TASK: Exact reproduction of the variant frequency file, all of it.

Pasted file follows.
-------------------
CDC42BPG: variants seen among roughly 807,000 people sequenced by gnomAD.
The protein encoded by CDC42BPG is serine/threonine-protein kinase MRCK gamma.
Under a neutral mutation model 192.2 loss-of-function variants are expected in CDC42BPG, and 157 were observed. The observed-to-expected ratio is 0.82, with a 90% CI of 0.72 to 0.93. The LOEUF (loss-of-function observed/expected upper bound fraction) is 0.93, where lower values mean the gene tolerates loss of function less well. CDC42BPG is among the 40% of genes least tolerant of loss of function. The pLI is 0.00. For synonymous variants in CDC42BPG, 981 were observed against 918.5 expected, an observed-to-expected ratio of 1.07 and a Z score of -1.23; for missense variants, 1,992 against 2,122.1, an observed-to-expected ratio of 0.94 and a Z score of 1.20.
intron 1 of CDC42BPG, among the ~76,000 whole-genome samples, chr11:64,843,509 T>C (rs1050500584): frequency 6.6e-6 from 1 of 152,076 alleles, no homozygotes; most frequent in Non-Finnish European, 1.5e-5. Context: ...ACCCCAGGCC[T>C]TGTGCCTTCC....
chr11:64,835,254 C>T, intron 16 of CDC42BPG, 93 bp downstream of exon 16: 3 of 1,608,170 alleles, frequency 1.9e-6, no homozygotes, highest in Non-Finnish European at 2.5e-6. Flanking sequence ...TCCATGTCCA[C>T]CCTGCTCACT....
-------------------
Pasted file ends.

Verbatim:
CDC42BPG: variants seen among roughly 807,000 people sequenced by gnomAD.
The protein encoded by CDC42BPG is serine/threonine-protein kinase MRCK gamma.
Under a neutral mutation model 192.2 loss-of-function variants are expected in CDC42BPG, and 157 were observed. The observed-to-expected ratio is 0.82, with a 90% CI of 0.72 to 0.93. The LOEUF (loss-of-function observed/expected upper bound fraction) is 0.93, where lower values mean the gene tolerates loss of function less well. CDC42BPG is among the 40% of genes least tolerant of loss of function. The pLI is 0.00. For synonymous variants in CDC42BPG, 981 were observed against 918.5 expected, an observed-to-expected ratio of 1.07 and a Z score of -1.23; for missense variants, 1,992 against 2,122.1, an observed-to-expected ratio of 0.94 and a Z score of 1.20.
intron 1 of CDC42BPG, among the ~76,000 whole-genome samples, chr11:64,843,509 T>C (rs1050500584): frequency 6.6e-6 from 1 of 152,076 alleles, no homozygotes; most frequent in Non-Finnish European, 1.5e-5. Context: ...ACCCCAGGCC[T>C]TGTGCCTTCC....
chr11:64,835,254 C>T, intron 16 of CDC42BPG, 93 bp downstream of exon 16: 3 of 1,608,170 alleles, frequency 1.9e-6, no homozygotes, highest in Non-Finnish European at 2.5e-6. Flanking sequence ...TCCATGTCCA[C>T]CCTGCTCACT....